Collection is something we may hear a lot about, but what is it? What does it do and how do we get it?
There are two main parts in collection.
Most of us hear and think about physical collection of a horse (which is important to performance and in executing maneuvers, but we often overlook the other crucial part of collection, mental collection (which was pointed out to me be my good friend Craig Johnson.
First, we will discuss physical aspects of collection. Horses are unique vertebrates because they possess a thoracic lumbar vertebra that acts as a hinge allowing them to pivot the hind quarters up under them. Other large animals, such as cattle, do not possess this trait. This trait not only gives us the ability, but is also the basis of physical collection. The majority of a horse’s natural body weight is in his front 1/3 of his body (his head, neck and shoulders). With a horses natural movement this puts the majority of the weight on the front end of a horse. The objective of physical collection is to move the weight, or point of balance, from the front of the horse to towards the rear end of a horse. Thus, creating a more centered, balanced point.
Why do we want physical collection?
With physical collection we obtain more balance from the horse. Our horses are softer and their movements are freer, by shifting the weight off a horse’s front end and moving it to a more central point. With the horse’s rear end up underneath them and their weight shifted back to the center the horse can stop harder, they can start faster, turn quicker, and travel smoother.
If a horse is not collected or balanced their weight is carried on their front end and they are strung out with their rear end and legs out behind them.
Think of an uncollected horse moving. It is similar to a semi tractor without any trailer behind. If I take my trailer off my semi tractor and drive it around it’s like an uncollected horse. All the weight is on the front end and the rear wheels are way out behind it with no weight over them. It rides terrible rough, I can’t stop fast, and I have no acceleration; because there is no traction. When I put the trailer on, this changes the balance point and puts the weight over the rear wheels, which causes it to ride smoother, stop and accelerate quicker and handle much better.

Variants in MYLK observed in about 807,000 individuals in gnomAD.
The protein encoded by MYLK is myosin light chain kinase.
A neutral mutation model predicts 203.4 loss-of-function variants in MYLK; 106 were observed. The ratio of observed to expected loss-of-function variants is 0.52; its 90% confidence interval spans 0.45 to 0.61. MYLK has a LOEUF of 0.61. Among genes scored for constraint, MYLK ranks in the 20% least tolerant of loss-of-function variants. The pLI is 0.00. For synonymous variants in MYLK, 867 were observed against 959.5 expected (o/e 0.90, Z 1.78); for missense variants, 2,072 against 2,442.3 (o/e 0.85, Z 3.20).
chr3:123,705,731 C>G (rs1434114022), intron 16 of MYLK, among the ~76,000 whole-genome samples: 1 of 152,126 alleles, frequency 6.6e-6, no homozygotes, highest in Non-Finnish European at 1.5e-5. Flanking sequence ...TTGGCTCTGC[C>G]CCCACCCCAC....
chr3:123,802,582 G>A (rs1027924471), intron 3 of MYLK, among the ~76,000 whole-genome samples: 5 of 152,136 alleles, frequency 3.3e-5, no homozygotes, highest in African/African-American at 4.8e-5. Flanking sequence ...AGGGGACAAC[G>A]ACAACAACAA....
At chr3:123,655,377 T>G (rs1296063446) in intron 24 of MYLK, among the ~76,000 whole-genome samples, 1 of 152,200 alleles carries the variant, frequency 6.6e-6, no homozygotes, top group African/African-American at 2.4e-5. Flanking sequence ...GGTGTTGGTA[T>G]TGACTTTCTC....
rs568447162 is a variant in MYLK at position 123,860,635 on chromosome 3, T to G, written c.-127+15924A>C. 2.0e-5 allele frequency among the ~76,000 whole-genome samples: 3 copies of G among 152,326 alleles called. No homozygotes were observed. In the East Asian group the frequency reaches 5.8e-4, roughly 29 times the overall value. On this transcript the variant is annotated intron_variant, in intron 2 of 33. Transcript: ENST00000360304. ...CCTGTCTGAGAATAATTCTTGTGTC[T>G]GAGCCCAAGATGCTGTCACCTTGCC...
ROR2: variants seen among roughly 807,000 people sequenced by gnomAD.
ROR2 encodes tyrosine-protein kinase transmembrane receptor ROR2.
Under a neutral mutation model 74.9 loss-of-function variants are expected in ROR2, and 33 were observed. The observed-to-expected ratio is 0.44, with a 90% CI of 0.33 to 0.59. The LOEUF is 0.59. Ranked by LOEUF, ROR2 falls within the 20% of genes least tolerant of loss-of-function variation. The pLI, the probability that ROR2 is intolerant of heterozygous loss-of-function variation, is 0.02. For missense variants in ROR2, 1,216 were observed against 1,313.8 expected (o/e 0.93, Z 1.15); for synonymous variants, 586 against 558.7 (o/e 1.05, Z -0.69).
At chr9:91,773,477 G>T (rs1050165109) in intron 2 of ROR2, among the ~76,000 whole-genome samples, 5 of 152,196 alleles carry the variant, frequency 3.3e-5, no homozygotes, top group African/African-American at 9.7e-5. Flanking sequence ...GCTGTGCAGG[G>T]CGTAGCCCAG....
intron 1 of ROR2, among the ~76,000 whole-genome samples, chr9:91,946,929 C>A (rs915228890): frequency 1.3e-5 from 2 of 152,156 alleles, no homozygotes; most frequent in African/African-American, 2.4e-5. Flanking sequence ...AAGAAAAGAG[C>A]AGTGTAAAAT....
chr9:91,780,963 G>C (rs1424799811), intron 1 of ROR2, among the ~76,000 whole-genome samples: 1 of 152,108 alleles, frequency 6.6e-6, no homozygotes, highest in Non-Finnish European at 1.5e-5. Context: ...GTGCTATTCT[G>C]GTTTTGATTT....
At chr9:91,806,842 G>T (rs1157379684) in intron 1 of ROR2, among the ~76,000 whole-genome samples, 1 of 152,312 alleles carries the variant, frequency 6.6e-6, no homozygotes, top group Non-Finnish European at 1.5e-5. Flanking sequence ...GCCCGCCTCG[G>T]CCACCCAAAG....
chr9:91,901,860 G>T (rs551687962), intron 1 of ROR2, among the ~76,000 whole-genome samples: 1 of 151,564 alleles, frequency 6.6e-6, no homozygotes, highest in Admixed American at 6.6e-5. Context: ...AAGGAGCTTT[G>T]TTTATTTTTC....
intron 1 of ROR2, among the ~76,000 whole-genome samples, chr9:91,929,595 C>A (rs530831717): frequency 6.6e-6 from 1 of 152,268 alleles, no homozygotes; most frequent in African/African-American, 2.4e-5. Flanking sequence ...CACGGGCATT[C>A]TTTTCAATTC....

How do we achieve physical collection?
Collection is basically, gained by gaining control of the horses body and being able to hold the front end through it’s face (pick up his back and drive his hind quarters under him; packaging or framing him up). By timing and repetition we can teach a horse to hold this frame longer and longer on his own.
It doesn’t matter what type of horse, whether it’s a pleasure, reining, gaming, English, or dressage horse; collection and balance is important to performance.
The next aspect to collection is mental.
We all know if we don’t have the horses mind we have nothing. We can have the most athletic horse but if we can’t gain control of his mind we can’t get control of his body.
As I have mentioned in previous articles, a large part of our training is to teach our horses to focus and to develop their attention span. By accomplishing this, it makes our training sessions much more productive and intense. There are simple exercises we can do to help teach this. For example, trotting circles and teaching our horses to hold the circle without any help from us, teaching them to stay hooked and focused.
Mental collection is a must in developing finished horses and showing/competing with our horses.
So as we are training our horses lets remember the two parts of collection we want to achieve, and remember the only way to get either one is Timing, Consistency, and Repetition.
Good luck and God bless,
Monty Bruce is a multi-time Reined Cow Horse and Reining Futurity and Derby champion. Monty, his assistants, and students have won numerous World and Reserve championships and are continuing to succeed in the show pen.
The Monty Bruce Training Center is a full-service equine facility that specializes in Reined Cow Horse, Reining, and the Performance Horse. The Center strives to provide superior care and training for all equine needs. Visit MontyBruce.com for more info.
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